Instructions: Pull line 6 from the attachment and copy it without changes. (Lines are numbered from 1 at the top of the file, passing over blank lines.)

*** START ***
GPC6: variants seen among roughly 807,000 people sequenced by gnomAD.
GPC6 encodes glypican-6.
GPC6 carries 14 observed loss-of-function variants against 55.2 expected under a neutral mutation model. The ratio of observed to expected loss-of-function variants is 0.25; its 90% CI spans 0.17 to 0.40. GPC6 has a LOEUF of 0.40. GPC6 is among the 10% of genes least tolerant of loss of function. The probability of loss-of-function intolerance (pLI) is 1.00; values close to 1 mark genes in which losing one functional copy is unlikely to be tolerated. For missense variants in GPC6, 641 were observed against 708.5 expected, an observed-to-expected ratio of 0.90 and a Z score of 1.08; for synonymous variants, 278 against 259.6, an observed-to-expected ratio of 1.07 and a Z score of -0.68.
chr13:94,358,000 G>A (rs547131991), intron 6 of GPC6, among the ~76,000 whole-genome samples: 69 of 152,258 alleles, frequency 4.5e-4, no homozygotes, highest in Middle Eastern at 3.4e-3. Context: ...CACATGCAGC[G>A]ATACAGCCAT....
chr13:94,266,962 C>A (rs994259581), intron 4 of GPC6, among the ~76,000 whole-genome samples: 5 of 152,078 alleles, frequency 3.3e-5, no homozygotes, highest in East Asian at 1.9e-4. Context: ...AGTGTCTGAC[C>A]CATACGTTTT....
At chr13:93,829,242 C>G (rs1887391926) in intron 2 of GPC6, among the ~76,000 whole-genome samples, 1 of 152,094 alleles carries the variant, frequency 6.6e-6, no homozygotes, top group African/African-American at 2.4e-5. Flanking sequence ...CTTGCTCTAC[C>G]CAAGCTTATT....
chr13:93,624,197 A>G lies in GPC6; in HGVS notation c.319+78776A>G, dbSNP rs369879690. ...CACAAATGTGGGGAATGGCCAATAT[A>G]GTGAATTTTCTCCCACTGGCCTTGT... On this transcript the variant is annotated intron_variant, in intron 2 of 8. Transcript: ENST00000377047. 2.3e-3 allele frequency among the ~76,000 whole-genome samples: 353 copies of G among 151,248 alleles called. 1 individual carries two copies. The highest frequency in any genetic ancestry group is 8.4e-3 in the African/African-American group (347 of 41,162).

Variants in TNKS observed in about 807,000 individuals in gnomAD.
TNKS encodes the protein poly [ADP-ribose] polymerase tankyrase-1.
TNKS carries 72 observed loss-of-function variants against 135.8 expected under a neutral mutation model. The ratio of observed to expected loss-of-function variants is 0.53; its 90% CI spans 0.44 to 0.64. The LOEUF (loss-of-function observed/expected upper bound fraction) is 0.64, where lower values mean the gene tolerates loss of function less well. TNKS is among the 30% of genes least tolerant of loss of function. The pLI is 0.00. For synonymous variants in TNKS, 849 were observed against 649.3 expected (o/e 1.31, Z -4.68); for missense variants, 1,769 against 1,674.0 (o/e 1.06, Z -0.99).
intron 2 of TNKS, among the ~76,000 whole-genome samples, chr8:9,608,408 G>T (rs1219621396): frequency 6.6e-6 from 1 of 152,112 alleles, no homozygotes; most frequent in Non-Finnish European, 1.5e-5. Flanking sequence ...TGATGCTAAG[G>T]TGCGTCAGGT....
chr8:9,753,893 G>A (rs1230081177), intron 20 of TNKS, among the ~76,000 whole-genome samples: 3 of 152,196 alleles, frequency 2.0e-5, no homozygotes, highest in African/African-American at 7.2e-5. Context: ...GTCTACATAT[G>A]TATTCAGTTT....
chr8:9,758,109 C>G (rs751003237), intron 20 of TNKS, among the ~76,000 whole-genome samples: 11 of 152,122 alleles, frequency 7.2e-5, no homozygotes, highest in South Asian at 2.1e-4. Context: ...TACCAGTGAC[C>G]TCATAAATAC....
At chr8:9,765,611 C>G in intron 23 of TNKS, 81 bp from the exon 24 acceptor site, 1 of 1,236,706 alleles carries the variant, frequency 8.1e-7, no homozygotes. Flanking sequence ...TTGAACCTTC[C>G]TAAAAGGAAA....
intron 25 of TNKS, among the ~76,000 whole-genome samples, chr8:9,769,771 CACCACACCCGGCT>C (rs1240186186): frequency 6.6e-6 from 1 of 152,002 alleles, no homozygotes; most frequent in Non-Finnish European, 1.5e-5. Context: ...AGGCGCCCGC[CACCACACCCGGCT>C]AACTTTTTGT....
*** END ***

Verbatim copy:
At chr13:93,829,242 C>G (rs1887391926) in intron 2 of GPC6, among the ~76,000 whole-genome samples, 1 of 152,094 alleles carries the variant, frequency 6.6e-6, no homozygotes, top group African/African-American at 2.4e-5. Flanking sequence ...CTTGCTCTAC[C>G]CAAGCTTATT....